Sunday, November 29, 2009

37. Vine Tidy

"Vine Tidy" is in a class by itself among the patterns of the sample book. Not only is it one of a mere handful of stockingnet designs, but it is the sole example of an all-over lace pattern. Rather than an edging or insertion intended as a component in a larger work, it produces a fabric that can be adapted for a wide variety of knitting projects where lace is desired. The ropy vine motifs alternate with trios of zigzagging lines to form a trellis effect. The pattern has a 12-row repeat and is worked on a multiple of 19 stitches for circular knitting, 19 + 12 for flat fabric.

You can download the full-size chart, verbal instructions and notes here.

Variations of the pattern can be found in many modern day texts. Knitting Counterpanes: Traditional Coverlet Patterns for Contemporary Knitters by Mary Walker Phillips, for example, includes "Braided Leaf Insert." While designed as a panel, the pattern is essentially the same as Vine Tidy (more about that "tidy" in a moment), the only difference being that the two vines at the center of the insertion, while flanked by trellises on the right and left, are separated from one another by a single eyelet.

(photo ©1989 The Taunton Press)

Note the scalloped cast-on edge. Worked without a border, the Vine Tidy pattern also has this feature.

I have charted the pattern as it would appear in a knitting stitch dictionary, but the instructions in the sample book were written to create a specific household article, the tidy. In some Victorian sources, the tidy is a receptacle of some kind-- a box to set in the bathroom and hold toiletries, a bag to hang from a doorknob and organize mail. Here, however, the tidy is a square or rectangular doily (antimacassar, dresser scarf, placemat, etc.) knit back and forth rather than from the center.

Worked across 89 stitches and featuring three repeats of the vine pattern, the tidy includes a stockingnet border, a curious selection given the tendency for the ends to curl up and the selvedges to curl under, as evidenced in the photo. A border of garter or seed stitch would have been a better choice. My sample was knit in fingering weight cotton on 2.25mm needles. With 16 pattern repeats, the finished piece blocked to 11¼" X 17½".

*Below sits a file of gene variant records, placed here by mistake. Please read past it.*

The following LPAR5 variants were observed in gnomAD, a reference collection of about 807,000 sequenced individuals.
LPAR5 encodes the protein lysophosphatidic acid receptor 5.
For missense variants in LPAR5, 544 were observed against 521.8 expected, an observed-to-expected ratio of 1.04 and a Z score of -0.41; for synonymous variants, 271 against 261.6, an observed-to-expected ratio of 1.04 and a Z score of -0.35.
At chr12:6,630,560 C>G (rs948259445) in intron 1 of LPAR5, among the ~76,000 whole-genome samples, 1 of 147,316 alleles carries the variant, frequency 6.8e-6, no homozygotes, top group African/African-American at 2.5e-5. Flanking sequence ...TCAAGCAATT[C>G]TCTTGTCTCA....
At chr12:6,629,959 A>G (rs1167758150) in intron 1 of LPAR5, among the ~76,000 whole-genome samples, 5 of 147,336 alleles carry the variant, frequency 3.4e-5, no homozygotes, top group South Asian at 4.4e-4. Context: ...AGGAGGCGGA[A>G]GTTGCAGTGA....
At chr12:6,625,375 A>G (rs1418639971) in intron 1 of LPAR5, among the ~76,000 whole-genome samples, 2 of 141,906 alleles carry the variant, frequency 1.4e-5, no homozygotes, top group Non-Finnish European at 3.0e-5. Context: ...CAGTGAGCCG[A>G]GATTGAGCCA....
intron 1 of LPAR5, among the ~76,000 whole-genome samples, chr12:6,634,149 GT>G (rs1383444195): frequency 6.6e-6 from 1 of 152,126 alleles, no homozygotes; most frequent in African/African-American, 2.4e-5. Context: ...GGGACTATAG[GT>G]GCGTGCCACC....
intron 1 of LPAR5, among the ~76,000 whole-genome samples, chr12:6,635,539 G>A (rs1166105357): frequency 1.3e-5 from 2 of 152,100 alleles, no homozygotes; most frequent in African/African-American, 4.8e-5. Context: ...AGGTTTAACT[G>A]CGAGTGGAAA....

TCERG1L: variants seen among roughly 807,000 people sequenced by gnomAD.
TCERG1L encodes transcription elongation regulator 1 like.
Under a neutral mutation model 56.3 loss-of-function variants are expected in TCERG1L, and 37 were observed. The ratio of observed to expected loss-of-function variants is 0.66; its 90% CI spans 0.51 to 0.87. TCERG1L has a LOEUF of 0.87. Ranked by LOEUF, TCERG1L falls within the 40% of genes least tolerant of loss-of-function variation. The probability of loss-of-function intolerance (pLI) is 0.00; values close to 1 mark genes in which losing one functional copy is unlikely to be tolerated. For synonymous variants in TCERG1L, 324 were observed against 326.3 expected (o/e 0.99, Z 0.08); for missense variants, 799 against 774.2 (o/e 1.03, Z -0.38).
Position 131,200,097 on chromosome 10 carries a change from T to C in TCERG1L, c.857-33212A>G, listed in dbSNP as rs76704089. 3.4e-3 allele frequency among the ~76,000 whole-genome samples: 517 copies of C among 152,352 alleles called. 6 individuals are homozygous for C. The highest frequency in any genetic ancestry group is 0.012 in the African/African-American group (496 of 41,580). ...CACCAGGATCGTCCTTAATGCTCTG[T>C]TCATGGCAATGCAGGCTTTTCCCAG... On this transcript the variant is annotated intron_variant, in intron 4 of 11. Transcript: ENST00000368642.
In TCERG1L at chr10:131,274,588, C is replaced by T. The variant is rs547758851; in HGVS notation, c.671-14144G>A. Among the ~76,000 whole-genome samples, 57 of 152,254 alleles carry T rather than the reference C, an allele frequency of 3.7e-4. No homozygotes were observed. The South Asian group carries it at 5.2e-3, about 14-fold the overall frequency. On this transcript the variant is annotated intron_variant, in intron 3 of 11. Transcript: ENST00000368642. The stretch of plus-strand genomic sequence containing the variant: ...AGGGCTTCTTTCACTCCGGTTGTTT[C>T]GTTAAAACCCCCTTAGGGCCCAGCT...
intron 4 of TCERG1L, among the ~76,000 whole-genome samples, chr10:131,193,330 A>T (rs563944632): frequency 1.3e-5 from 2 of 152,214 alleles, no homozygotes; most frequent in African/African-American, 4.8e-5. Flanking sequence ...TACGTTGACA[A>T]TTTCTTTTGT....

In the sample book Vine Tidy was hand-written by our anonymous knitter with no attribution, but I couldn't help but notice that it is identical in every respect (same width, same border, same three vines, everything) to a pattern found in my favorite book in my knitted lace library, Fancy Work Recreations: A Complete Guide to Knitting, Crochet, and Home Adornment published in 1884 (there's that date again!) by Buckeye Publishing Co., Minneapolis, and written by Eva Marie Niles, shown below in the frontispiece.

Ms. Niles must have been a lace knitter first and foremost. Although the text covers a wide variety of needlework including crochet, patchwork, embroidery, drawn thread, macramé, darned lace and netting, not to mention crafts such as skeletonizing leaves, splatter pictures, leather work, brass repoussé and others, fully a third of the 433-page work is devoted to knitted designs, mostly lace. An explanatory note at the back of the book cites the Housekeeper, Peterson's Magazine and the New York Tribune as sources for some of the instructions, but adds that "a greater part of the knitting and crochet is original with the author."